Wednesday, April 26, 2006

Revisiting Frost

Today's ROI newsletter, written by Paul Shaheen and available by request, revisists more of the expanding web of allegations that surround not just the David Frost, but those who have a close allegiance to him. In this case, the story surrounds the Pembroke Lumber Kings, a storied franchise in the Central Ontario Junior Hockey League. As ROI writes:

Two weeks ago, a piece prepared and broadcast by The Fifth Estate, the Canadian Broadcasting Corporation's equivalent to 60 Minutes, linked the Lumbers Kings to not only a lack of control over its players...In The Fifth Estate piece, a former Lumber Kings billet family claimed the club was far too lenient with its players, and accused the Kings of allowing rampant drinking, partying, and wild initiation rights. It went on to suggest Frost's relationship with the club--he'd served as an occasional team advisor--had something to do with this alleged lack of institutional control.

Those allegations mirror many of the allegations for the 1997 Quinte Hawks, outlined in my earlier blog entry.

As I noted in my blog entry, the franchise is owned in part by, Sheldon Keefe, one of the "Brampton gang". The ties do not end there, however. The co-owners of the Quinte Hawks who brought Frost aboard were Marty Abrams, a former NHL pick, who now coaches the Wellington Dukes of the OPJHL, and his brother Kevin, who now coaches the Pembroke team. Marty Abrams also has his own legal issues as he was charged by the Candian authorities for misappropriating not-for-profit charitable funds for his own private use at his summer cottage. (It should be noted Marty Abrams has denied the allegations.)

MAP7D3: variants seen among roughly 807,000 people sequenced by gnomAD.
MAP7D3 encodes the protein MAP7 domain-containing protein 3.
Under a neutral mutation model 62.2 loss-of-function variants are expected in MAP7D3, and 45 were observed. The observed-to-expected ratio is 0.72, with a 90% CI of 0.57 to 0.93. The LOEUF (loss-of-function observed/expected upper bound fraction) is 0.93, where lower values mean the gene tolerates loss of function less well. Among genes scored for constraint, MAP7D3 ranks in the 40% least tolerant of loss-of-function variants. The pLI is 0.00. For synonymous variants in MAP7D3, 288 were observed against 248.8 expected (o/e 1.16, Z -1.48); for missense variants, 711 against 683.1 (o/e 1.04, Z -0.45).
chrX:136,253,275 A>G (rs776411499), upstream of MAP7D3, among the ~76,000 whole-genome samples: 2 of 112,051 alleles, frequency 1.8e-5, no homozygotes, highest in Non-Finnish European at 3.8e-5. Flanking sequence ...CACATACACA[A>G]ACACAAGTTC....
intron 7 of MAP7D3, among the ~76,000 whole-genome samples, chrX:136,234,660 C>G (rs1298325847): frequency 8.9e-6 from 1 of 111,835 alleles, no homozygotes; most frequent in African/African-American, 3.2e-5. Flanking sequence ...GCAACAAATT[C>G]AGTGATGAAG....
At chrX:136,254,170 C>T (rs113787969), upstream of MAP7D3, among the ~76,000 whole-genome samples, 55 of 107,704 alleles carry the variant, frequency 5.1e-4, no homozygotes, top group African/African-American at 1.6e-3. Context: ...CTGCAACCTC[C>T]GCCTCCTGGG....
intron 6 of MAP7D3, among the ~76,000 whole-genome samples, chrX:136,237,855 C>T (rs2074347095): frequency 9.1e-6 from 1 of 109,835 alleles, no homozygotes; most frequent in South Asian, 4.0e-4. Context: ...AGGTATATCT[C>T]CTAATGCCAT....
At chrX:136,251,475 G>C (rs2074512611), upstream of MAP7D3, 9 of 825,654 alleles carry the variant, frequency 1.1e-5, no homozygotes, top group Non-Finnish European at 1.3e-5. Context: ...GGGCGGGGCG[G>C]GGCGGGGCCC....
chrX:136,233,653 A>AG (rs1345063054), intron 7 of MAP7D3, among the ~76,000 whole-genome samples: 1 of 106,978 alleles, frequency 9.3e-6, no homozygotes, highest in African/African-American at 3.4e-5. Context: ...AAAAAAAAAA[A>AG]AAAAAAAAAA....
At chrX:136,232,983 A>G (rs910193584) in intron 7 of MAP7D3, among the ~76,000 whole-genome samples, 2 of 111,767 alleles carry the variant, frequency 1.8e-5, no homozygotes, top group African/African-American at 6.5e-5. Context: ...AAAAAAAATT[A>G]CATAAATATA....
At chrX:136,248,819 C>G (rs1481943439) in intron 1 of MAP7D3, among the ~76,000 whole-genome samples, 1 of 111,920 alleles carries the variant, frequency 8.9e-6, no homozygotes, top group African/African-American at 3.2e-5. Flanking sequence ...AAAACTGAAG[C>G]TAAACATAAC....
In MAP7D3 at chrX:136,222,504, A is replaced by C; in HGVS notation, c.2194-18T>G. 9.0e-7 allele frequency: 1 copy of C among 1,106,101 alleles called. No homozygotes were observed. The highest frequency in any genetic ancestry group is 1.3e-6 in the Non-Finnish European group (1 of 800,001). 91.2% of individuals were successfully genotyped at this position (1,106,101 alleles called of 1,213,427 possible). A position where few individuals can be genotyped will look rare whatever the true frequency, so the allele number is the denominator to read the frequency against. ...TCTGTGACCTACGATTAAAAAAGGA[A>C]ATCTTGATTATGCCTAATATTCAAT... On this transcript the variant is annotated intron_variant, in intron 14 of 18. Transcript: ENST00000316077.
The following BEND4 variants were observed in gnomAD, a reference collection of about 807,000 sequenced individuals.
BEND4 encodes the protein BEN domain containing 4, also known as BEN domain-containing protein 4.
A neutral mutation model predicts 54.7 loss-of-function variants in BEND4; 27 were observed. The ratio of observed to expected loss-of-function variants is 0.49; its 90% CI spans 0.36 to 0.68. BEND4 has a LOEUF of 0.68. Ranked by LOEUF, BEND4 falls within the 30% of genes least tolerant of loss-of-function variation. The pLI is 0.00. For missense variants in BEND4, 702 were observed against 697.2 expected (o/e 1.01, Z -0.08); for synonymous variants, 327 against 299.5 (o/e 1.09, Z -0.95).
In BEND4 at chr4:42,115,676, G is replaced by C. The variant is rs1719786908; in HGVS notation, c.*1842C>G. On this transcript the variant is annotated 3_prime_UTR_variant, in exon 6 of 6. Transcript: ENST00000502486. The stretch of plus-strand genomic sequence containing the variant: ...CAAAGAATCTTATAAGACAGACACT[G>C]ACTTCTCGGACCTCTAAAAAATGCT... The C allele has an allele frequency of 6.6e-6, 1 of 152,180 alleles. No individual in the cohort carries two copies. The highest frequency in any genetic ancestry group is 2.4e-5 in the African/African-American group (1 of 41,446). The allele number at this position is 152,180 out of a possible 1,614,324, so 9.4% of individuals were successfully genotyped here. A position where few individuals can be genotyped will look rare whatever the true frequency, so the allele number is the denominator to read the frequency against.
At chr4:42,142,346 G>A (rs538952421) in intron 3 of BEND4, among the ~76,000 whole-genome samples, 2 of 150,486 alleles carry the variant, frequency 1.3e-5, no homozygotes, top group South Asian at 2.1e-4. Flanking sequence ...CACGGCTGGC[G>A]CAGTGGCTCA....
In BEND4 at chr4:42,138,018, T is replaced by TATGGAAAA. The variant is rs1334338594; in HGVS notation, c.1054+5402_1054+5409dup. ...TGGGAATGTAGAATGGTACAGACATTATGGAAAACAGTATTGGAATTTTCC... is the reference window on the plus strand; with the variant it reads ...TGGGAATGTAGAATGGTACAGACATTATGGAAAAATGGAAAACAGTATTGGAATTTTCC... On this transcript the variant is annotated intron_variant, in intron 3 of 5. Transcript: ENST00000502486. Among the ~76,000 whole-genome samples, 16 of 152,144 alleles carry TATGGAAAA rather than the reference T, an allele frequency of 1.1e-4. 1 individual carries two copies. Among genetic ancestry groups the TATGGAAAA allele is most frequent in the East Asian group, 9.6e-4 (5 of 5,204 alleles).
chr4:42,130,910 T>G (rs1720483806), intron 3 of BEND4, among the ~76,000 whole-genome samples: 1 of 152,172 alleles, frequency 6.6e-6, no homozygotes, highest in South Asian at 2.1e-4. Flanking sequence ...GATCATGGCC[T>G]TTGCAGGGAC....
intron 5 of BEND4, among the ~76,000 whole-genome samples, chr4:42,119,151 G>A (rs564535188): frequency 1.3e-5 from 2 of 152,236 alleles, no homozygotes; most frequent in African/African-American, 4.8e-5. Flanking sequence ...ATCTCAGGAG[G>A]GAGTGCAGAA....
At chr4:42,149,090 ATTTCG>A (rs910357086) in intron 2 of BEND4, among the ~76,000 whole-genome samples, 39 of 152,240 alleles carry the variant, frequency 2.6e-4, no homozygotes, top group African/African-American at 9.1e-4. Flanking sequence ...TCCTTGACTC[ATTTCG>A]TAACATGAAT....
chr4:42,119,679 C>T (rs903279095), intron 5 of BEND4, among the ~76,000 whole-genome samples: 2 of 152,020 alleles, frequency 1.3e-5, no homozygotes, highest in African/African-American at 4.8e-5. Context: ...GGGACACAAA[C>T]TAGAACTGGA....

Tuesday, April 25, 2006

The New CBA

Today's Minnesota Daily has a story about the new NHL Collective Bargaining Agreement, and the impact it has on college underclassmen signing early. Unfortunately, the story is a bit off target, in that while it identifies the correct factors that influence the decision, it incorrectly analyzes their impact.

For example, the article's premise is:

Essentially, the agreement extends the amount of time teams have drafted players’ exclusive rights

While this is technically true in a limited number of cases, the CBA in fact shortens the amount of time for virtually all college players. The change that the article mentions is of small significance: designed to close the "Van Ryn loophole" by which players in college could leave college, play an "overage" season in the CHL, and then become free agents. The article correctly points out that teams drafting college players will keep exclusive rights “until the fourth June 1 following his selection in the Entry Draft,” thus precluding college players leaving early for the major junior route. However, the closing of the loophole is a positive development for the college game, even though it applied in only a handful of cases (Van Ryn, Mike Comrie, Anthony Aquino).